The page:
The great licensing update is upon us. Or rather, the voting part of it is. This is the community consultation part of whether or not the Wikimedia Foundation officially chooses to make use of the “Wiki clause” that Richard Stallman so kindly gave us in the GFDL 1.3. (For background see the initial story in Wikipedia Signpost, Benjamin Mako Hill’s post, Richard Stallman’s open letter, Wikipedia’s Exit Permit on LWN.net).
Any user who has made at least 25 edits to any Wikimedia project (before March 15, 2009) is eligible to vote. That is a huge number of people. If you have ever registered an account at any Wikimedia project go check your edit count (special:preferences) because you very well may be eligible to vote.
So get your vote on and let the Wikimedia projects move forth under a sensible license! Yes, a modern license for a modern wiki!
My SVG is kind of whack so if you want to help me get rid of the black box and make the fonts behave, that would be nice, too. ;)
What about http://meta.wikimedia.org/wiki/Licensing_update/Questions_and_Answers/Oppositional_arguments#Are_you_opposing_the_shift_to_CC-BY-SA_3.0.3F_It_seems_a_really_great_idea.?
— Calandrella · 13. April 2009, 21:56
Note that for users whose 25+ edits were not to meta.mediawiki.org, you need to go to the actual wiki you edited (eg, English Wikipedia) and go via “Vote now” at the top of that wiki. meta.mediawiki.org will tell you you’re ineligible to vote, otherwise.
— Mary · 13. April 2009, 21:57
@Jan: I love the Swedish version! Nice one :D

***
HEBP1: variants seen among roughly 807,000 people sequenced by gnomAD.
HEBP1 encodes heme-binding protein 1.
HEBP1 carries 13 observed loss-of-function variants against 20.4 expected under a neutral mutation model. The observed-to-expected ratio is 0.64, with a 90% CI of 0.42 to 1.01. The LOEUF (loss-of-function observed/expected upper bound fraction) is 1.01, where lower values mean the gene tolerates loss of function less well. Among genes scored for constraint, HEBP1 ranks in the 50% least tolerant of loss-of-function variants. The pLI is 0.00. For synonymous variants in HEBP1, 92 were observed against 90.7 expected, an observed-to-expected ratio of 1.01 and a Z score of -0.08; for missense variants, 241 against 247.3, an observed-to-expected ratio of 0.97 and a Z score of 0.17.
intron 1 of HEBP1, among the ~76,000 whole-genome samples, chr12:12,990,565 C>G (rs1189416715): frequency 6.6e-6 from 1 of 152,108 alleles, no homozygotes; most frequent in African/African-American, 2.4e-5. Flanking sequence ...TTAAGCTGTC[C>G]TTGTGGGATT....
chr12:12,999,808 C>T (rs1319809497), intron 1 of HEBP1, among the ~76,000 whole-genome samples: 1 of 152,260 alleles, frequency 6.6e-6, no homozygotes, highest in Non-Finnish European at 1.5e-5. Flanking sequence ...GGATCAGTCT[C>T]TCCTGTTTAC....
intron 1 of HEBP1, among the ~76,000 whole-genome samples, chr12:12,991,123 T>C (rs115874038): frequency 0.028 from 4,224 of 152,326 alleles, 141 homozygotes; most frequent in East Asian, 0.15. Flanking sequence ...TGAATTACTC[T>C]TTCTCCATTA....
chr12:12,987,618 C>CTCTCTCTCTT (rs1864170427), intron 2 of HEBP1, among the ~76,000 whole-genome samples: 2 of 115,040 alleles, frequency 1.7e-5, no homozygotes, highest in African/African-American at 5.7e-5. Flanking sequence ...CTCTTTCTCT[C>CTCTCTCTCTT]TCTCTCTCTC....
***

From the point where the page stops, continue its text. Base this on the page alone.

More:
@Mary: Thanks, that’s an important point, hopefully not too many people get confused about that.
@Calandrella: At the risk of getting into a long argument, I believe “Erik’s proposal” conforms with the spirit of the license and the spirit of Wikimedia, and moreover it conforms with current best practice.
In CC-BY-SA there is an option to credit, instead of the authors, “another party or parties (e.g., a sponsor institute, publishing entity, journal)”. You could consider that by supporting this move, Wikimedians are agreeing that it is acceptable to credit the “publishing entity” (Wikipedia) instead of individual authors.
I have virtually never seen anyone credit all authors of a Wikipedia article and this is while under the GFDL, where the license is almost never fully complied with (the license text should be supplied). So considering the community has been happy for years for re-users to live in “illegality” w/r/t GFDL compliance, I don’t see why we should suddenly be so concerned about following CC-BY-SA to the letter.
Finally no alternative has been put forward, and the time window for us to make the switch will close relatively soon. Given the choice between an imperfect migration to CC-BY-SA and no migration at all, I would always recommend the former.
— pfctdayelise · 13. April 2009, 23:39
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